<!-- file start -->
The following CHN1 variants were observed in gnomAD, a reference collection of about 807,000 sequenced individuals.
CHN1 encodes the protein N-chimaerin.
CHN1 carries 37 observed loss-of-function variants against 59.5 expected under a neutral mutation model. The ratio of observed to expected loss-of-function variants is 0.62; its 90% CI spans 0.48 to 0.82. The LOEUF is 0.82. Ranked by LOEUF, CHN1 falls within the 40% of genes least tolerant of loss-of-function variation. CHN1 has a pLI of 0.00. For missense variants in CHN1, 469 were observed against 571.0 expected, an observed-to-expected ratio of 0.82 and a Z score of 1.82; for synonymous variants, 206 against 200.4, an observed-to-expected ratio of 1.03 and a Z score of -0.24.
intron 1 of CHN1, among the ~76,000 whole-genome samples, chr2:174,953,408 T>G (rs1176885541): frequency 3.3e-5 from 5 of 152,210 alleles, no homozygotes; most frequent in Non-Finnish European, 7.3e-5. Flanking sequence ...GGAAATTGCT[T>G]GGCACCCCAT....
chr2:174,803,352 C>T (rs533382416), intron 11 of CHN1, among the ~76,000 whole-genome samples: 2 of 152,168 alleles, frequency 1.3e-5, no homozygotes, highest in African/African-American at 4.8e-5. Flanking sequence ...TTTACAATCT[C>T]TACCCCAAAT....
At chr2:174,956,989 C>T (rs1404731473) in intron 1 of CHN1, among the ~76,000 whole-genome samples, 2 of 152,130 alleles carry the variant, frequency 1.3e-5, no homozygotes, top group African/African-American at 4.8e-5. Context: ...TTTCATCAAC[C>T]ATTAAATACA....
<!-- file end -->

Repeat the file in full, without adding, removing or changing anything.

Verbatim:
The following CHN1 variants were observed in gnomAD, a reference collection of about 807,000 sequenced individuals.
CHN1 encodes the protein N-chimaerin.
CHN1 carries 37 observed loss-of-function variants against 59.5 expected under a neutral mutation model. The ratio of observed to expected loss-of-function variants is 0.62; its 90% CI spans 0.48 to 0.82. The LOEUF is 0.82. Ranked by LOEUF, CHN1 falls within the 40% of genes least tolerant of loss-of-function variation. CHN1 has a pLI of 0.00. For missense variants in CHN1, 469 were observed against 571.0 expected, an observed-to-expected ratio of 0.82 and a Z score of 1.82; for synonymous variants, 206 against 200.4, an observed-to-expected ratio of 1.03 and a Z score of -0.24.
intron 1 of CHN1, among the ~76,000 whole-genome samples, chr2:174,953,408 T>G (rs1176885541): frequency 3.3e-5 from 5 of 152,210 alleles, no homozygotes; most frequent in Non-Finnish European, 7.3e-5. Flanking sequence ...GGAAATTGCT[T>G]GGCACCCCAT....
chr2:174,803,352 C>T (rs533382416), intron 11 of CHN1, among the ~76,000 whole-genome samples: 2 of 152,168 alleles, frequency 1.3e-5, no homozygotes, highest in African/African-American at 4.8e-5. Flanking sequence ...TTTACAATCT[C>T]TACCCCAAAT....
At chr2:174,956,989 C>T (rs1404731473) in intron 1 of CHN1, among the ~76,000 whole-genome samples, 2 of 152,130 alleles carry the variant, frequency 1.3e-5, no homozygotes, top group African/African-American at 4.8e-5. Context: ...TTTCATCAAC[C>T]ATTAAATACA....